Founded in 1957, our Round Table is one of the oldest in the nation. We couldn't ask for a better location: four major battles of the Civil War were fought within 20 miles of Fredericksburg. Our group of about 100 members meets once each month for a catered dinner followed by the presentation of a Civil War topic by a guest speaker - frequently a nationally-known author.
We meet the fourth Wednesday of every month (except December, July and August) at the Washington Jepson Alumni Executive Center at 1119 Hanover Street in Fredericksburg.
The bar opens at 5:45pm. Social begins at 6pm. Dinner is at 6:45pm. The program starts around 7:30pm. usually conclude by 9pm.
Reservations are required. Please call (540) 361-2105 and leave a message regarding how many seats you require. Place your reservation request NLT Noon, Monday, the 17th of November. If later you find you cannot attend, please call in your cancellation.
Men are expected to wear a coat and tie, with equivalent attire for ladies.
The dinner cost is $32.00 for members, $37.00 for others, by cash or check at the door.
Civil War Books & DVD Donations
We have,over the past, raffled off CW books and DVDs etc. as a source of income for the Round Table. If you have anything that you can donate, please bring the item(s) to our next meeting and help us out
See: Picture of the Proposed Name-Tag Lanyard in the President's Corner
November 19, 2014
"Battle Of The Crater”
Guest Speaker: Emmanuel Dabney, NPS Historian, Civil War Author
Of the eight offensive operations of the Petersburg Campaign, the Battle of the Crater was intentionally not covered during Grant Gates presentation last meeting. The “Pit” deserves a more detailed examination for in its study, we are given insight into the times. Its history contains displays of marvelous Yankee ingenuity amidst massive brutality, politics, racism and incompetence. By early June 1864, federal trenching in Maj. Gen. Burnside’s IX Corps sector had progressed to within 400’ of Elliott’s Salient. A bold idea was then seized upon by Lt. Col Pleasant, Commander of the 48th Pennsylvania Volunteer Infantry for breaking the Confederate earthworks. His idea was to secretly tunnel under and explode 8000 pounds of black powder in a mine paralleling the earthworks thus creating a hole in the Confederate line. This “opening of the gates”, would allow Union troops to rush in to take Petersburg with a full frontal assault that, if successful, could have decided the war. As we will see, however, despite weeks of preparation, one of the Civil War's most horrific events took place: the slaughter of thousands of Union troops, including many African-Americans (USCT), in a giant pit created as a result of a poorly planned and executed Union mission. After several hundred Confederates perished in the initial mine explosion and the Union troops entered the crater, the Confederates quickly recovered and launched several counterattacks led by Maj. Gen. William Mahone. The break was sealed and the Federals were repulsed with severe casualties. Brig. Gen. Ferrarro’s division of black soldiers was badly mauled. Maj. Gen. Ambrose E. Burnside was relieved of command while General Grant, disgusted, summed it up best saying it was "the saddest affair I have ever witnessed in the war”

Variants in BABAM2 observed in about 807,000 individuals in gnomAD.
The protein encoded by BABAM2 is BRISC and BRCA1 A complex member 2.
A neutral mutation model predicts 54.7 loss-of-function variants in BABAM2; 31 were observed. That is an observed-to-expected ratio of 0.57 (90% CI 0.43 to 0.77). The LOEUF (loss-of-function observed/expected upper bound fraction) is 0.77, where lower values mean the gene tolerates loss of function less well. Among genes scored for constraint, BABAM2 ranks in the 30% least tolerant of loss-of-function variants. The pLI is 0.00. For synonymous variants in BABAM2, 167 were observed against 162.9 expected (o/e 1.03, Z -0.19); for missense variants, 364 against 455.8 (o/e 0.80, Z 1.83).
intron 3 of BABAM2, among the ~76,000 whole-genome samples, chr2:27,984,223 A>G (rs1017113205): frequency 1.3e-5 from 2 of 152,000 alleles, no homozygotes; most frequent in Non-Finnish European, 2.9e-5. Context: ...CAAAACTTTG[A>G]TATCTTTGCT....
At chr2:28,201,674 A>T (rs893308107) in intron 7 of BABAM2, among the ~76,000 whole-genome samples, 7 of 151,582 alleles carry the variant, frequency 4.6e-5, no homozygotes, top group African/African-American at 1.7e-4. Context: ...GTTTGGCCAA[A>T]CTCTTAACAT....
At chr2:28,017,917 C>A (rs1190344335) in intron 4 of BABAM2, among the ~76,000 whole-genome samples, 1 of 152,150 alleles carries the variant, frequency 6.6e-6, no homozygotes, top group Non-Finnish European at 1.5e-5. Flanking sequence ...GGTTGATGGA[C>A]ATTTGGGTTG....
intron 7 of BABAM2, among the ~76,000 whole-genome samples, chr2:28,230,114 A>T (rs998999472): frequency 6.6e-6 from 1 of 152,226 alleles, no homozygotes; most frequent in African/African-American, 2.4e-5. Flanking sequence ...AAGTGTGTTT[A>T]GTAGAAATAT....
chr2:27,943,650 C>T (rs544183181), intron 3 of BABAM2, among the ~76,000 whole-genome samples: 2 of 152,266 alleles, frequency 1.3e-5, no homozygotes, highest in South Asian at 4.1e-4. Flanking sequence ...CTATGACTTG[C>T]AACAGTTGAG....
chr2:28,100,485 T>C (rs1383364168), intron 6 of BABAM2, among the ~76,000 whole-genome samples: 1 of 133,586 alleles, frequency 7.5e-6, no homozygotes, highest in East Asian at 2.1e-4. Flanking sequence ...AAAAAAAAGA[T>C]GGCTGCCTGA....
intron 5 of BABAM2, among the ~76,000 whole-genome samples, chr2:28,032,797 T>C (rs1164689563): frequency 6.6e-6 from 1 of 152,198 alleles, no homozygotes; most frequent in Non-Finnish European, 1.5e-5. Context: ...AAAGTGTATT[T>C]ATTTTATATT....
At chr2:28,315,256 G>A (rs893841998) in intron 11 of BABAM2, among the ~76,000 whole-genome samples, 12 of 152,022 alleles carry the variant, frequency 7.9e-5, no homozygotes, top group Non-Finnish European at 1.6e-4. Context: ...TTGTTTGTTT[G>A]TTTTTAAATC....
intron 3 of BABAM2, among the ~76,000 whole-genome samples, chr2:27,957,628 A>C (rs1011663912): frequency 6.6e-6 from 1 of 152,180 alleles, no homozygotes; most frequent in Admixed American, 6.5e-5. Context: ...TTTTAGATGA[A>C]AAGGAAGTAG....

We heartily welcome Ranger Emmanuel Dabney of the National Park Service at Petersburg National Battlefield to discuss—The Battle of the Crater. The fact that he is an African-American provides us a most unique perspective that has long been missing of this battle. After completing high school in Dinwiddie County, Emmanuel graduated magna cum laude with an Associates of Arts from Richard Bland College, graduated magna cum laude with a Bachelor of Arts in Historic Preservation from the University of Mary Washington and completed a Master's degree in Public History at the University of North Carolina, Greensboro.